The Promise of Leviticus 14:35

This post is going to be a tough one. The Church in our day really doesn’t understand how to reckon with and activate the spirit I’m about to reveal to you from God. And I haven’t fully appropriated this yet, so I need this message too – but I want us to realize and live in our victorious position.

My wife and I struggled against mold in every apartment we’d ever lived in since we were married. And I was slowly getting the revelation in my soul that it was a weapon The Enemy had used to steal plants from my wife that I’d give her on special occasions. But – Haleluiah! – one day, after struggling with the mold and getting so frustrated I cried out to God, my wife said something by the Spirit that Awakened what God had been working in my soul!

Right then and there we stood and said “NO!” to that spirit of mold! We stood on Leviticus 14:35 and declared that we had a High Priest in the heavenlies who would make our house clean. And we prayed to Satan and demanded he leave our family alone.
Our house belongs to God after all – and it was our responsibility and sacred duty to make our home a sanctuary!
I know this doesn’t make sense in the natural realm, but that’s why you’ve got to get the revelation of it in the Spiritual Realm! Because if you don’t the demon of mold will walk all over you!

Maybe you have started to grasp this truth before. But then summer came and you got lazy – so when winter came back around you were wide open for attack from The Enemy! Let me encourage you to stand in the gap! Don’t be ignorant of The Enemies devices!

Stand on the promises of Leviticus 14:33-57 about mold in the house of God! Read those words over and over and over and over and over and over again until you get the revelation of what they mean for your life! Don’t let the devil use reason to take that promise of mold-free living away from you!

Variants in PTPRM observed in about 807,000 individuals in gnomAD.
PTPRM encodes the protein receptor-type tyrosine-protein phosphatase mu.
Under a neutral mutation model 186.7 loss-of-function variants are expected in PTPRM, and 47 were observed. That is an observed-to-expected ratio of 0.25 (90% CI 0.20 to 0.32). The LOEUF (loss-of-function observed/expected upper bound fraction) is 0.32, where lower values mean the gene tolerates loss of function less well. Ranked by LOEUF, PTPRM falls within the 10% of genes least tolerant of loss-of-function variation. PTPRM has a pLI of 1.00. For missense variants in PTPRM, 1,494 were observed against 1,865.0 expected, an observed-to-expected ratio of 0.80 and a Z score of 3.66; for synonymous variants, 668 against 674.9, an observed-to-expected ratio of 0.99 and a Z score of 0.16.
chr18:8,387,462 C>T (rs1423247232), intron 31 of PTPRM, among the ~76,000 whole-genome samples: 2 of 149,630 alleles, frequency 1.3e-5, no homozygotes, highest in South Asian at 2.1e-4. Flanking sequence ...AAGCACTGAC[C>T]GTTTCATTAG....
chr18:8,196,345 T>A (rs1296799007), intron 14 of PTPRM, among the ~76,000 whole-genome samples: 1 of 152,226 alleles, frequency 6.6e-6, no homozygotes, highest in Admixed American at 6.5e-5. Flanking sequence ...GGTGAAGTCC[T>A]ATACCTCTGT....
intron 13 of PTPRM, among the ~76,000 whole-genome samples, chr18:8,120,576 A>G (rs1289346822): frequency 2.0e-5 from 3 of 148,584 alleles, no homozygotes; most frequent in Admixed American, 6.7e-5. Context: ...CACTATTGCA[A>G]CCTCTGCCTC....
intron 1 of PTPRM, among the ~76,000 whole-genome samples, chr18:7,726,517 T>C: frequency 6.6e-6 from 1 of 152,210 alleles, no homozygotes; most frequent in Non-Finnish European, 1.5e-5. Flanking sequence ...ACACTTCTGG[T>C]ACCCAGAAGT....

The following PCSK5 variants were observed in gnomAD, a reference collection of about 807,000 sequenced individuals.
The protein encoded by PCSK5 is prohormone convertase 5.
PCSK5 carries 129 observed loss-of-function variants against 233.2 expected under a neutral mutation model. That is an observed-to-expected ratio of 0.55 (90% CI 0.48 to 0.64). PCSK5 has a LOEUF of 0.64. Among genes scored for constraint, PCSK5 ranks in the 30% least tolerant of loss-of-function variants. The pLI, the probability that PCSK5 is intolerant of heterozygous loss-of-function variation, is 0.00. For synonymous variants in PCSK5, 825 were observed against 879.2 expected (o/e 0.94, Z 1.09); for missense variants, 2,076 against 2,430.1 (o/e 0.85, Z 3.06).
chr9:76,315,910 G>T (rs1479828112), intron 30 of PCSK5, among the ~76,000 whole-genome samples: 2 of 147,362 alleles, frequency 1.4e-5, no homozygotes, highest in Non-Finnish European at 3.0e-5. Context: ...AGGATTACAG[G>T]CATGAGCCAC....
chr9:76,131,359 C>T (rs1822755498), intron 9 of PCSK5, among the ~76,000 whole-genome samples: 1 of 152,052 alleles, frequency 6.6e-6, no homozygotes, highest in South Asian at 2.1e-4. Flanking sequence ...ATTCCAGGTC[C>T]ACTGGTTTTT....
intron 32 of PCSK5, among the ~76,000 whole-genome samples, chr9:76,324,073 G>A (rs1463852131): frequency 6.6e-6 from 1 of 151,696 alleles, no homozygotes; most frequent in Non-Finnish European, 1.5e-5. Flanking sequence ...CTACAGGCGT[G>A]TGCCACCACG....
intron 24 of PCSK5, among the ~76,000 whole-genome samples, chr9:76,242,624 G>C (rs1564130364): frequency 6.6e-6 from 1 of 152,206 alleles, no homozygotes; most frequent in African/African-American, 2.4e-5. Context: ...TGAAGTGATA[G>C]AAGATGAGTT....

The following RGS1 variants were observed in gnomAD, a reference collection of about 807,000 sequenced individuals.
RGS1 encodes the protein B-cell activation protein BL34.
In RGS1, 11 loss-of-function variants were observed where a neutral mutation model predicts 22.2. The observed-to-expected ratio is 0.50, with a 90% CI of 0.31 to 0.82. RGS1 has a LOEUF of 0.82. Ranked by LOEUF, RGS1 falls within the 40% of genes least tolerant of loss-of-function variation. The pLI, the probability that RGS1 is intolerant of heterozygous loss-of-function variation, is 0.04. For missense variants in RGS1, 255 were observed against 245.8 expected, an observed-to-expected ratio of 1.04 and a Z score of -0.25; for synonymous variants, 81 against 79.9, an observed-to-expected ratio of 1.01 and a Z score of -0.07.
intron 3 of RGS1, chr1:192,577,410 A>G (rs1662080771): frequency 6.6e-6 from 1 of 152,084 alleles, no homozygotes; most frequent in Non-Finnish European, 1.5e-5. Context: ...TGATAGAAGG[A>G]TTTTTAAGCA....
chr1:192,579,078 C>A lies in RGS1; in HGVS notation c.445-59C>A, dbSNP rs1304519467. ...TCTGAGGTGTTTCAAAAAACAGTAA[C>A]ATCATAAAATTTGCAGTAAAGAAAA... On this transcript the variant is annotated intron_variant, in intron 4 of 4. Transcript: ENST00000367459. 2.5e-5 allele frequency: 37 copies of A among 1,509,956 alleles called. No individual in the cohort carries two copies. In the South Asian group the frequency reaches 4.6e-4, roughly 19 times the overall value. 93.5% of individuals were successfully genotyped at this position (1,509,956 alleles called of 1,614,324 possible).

Continue reading “The Promise of Leviticus 14:35”

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Satan and the Christian

Some observations of what Scripture says about Satan’s relationship to the Christian…

According to Strong’s Concordance, outside of the gospels and the book of Acts, in the New Testament Satan is mentioned less than twenty times. Obviously if we bring in the gospels and include references to “the devil” and possibly “the evil one” we’ll get a bit more of a base of what the Bible actually says about the fallen angels – but don’t miss the significance (or lack thereof) of the apostles’ lack of reference or teaching about Satan. And while we are on this “times referenced” point, I will also propose to the reader that Satan – as an individual or even as a general reference to fallen angels – is addressed even less often in the Old Testament.
However, I would also suggest to the reader that the most voluminous and clear teaching that we have about Satan in the Bible is IN the Old Testament; specifically the book of Job.